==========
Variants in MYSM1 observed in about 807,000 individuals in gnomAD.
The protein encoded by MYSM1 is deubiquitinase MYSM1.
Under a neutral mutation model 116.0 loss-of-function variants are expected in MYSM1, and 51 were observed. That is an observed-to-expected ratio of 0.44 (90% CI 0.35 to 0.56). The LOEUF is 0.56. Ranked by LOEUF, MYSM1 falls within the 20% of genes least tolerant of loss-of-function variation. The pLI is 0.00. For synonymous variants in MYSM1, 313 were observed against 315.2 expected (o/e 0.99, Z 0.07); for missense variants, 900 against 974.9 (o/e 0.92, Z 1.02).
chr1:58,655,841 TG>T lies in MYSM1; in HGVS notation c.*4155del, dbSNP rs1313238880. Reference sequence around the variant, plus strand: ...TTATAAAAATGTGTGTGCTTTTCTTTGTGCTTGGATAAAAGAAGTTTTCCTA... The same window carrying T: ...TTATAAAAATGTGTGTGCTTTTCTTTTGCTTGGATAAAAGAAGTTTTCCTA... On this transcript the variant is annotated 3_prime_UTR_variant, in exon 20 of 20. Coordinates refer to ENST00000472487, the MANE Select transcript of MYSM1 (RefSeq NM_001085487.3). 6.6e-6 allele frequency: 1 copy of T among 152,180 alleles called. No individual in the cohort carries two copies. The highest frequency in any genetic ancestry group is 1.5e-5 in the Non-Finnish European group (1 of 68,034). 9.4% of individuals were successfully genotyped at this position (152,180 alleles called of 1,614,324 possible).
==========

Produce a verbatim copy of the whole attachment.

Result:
Variants in MYSM1 observed in about 807,000 individuals in gnomAD.
The protein encoded by MYSM1 is deubiquitinase MYSM1.
Under a neutral mutation model 116.0 loss-of-function variants are expected in MYSM1, and 51 were observed. That is an observed-to-expected ratio of 0.44 (90% CI 0.35 to 0.56). The LOEUF is 0.56. Ranked by LOEUF, MYSM1 falls within the 20% of genes least tolerant of loss-of-function variation. The pLI is 0.00. For synonymous variants in MYSM1, 313 were observed against 315.2 expected (o/e 0.99, Z 0.07); for missense variants, 900 against 974.9 (o/e 0.92, Z 1.02).
chr1:58,655,841 TG>T lies in MYSM1; in HGVS notation c.*4155del, dbSNP rs1313238880. Reference sequence around the variant, plus strand: ...TTATAAAAATGTGTGTGCTTTTCTTTGTGCTTGGATAAAAGAAGTTTTCCTA... The same window carrying T: ...TTATAAAAATGTGTGTGCTTTTCTTTTGCTTGGATAAAAGAAGTTTTCCTA... On this transcript the variant is annotated 3_prime_UTR_variant, in exon 20 of 20. Coordinates refer to ENST00000472487, the MANE Select transcript of MYSM1 (RefSeq NM_001085487.3). 6.6e-6 allele frequency: 1 copy of T among 152,180 alleles called. No individual in the cohort carries two copies. The highest frequency in any genetic ancestry group is 1.5e-5 in the Non-Finnish European group (1 of 68,034). 9.4% of individuals were successfully genotyped at this position (152,180 alleles called of 1,614,324 possible).